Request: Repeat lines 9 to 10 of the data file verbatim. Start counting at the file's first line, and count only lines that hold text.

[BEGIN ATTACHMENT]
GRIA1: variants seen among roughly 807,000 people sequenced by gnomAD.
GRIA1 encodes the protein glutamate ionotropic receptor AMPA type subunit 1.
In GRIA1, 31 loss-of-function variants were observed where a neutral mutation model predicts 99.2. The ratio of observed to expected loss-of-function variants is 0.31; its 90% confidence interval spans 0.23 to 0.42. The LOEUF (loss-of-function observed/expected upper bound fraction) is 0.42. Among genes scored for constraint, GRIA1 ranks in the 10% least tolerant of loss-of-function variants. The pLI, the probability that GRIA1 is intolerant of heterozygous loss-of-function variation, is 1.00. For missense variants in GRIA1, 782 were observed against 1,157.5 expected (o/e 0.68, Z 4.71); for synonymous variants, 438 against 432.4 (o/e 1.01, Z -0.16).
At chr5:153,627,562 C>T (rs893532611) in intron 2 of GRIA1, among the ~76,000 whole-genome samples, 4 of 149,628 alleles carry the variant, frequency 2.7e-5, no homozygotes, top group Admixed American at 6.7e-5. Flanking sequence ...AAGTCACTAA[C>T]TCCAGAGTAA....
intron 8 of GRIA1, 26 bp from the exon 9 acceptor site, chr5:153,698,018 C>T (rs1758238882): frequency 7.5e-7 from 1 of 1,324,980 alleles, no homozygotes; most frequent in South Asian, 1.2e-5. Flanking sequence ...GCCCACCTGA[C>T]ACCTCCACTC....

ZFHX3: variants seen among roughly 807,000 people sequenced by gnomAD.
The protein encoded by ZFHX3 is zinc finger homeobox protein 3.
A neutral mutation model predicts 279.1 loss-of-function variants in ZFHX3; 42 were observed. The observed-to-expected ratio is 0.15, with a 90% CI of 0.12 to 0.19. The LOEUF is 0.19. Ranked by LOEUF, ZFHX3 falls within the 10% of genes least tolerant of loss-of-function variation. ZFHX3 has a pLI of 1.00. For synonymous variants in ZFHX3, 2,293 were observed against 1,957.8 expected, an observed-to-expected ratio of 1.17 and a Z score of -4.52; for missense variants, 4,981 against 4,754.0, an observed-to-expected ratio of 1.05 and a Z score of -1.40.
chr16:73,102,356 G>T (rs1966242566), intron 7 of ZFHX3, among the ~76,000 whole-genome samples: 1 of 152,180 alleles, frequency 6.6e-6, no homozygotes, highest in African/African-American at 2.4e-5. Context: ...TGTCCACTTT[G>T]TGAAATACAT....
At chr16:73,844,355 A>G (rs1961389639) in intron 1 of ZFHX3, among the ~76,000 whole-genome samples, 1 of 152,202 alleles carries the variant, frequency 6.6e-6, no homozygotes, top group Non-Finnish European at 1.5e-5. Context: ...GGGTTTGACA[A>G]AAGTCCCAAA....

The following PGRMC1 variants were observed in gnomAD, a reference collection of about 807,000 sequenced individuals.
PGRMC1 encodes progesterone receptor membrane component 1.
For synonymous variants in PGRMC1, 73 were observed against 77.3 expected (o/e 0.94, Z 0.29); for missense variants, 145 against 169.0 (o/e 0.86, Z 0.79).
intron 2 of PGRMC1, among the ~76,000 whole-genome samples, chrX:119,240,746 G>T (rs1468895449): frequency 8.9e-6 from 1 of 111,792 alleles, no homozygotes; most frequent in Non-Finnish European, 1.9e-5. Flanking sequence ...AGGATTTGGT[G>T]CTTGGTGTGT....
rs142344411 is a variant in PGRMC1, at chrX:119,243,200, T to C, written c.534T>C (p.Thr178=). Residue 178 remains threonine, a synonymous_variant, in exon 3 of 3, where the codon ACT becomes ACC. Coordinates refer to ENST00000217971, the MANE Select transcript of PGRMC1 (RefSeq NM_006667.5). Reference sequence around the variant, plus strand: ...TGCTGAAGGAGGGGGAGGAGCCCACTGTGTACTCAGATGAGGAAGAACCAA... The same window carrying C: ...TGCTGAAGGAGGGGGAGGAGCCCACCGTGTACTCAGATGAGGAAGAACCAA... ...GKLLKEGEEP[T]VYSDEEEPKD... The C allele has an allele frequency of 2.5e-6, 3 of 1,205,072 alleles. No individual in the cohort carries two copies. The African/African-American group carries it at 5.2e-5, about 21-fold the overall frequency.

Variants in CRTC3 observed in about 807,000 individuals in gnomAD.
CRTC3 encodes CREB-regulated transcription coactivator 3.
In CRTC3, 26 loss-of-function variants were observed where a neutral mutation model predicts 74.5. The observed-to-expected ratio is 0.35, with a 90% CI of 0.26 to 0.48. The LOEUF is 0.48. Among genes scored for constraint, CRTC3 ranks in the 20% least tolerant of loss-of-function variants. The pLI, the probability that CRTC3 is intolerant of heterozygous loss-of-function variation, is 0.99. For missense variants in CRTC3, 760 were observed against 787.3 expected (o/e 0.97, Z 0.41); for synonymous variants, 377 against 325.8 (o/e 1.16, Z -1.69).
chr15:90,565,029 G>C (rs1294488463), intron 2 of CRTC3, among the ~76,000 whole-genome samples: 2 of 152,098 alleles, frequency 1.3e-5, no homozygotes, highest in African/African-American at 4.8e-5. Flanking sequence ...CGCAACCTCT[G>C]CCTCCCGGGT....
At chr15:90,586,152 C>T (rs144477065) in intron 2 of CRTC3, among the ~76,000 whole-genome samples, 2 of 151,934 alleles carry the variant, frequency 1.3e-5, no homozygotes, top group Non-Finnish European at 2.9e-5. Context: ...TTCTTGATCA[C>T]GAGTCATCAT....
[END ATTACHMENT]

chr16:73,102,356 G>T (rs1966242566), intron 7 of ZFHX3, among the ~76,000 whole-genome samples: 1 of 152,180 alleles, frequency 6.6e-6, no homozygotes, highest in African/African-American at 2.4e-5. Context: ...TGTCCACTTT[G>T]TGAAATACAT....
At chr16:73,844,355 A>G (rs1961389639) in intron 1 of ZFHX3, among the ~76,000 whole-genome samples, 1 of 152,202 alleles carries the variant, frequency 6.6e-6, no homozygotes, top group Non-Finnish European at 1.5e-5. Context: ...GGGTTTGACA[A>G]AAGTCCCAAA....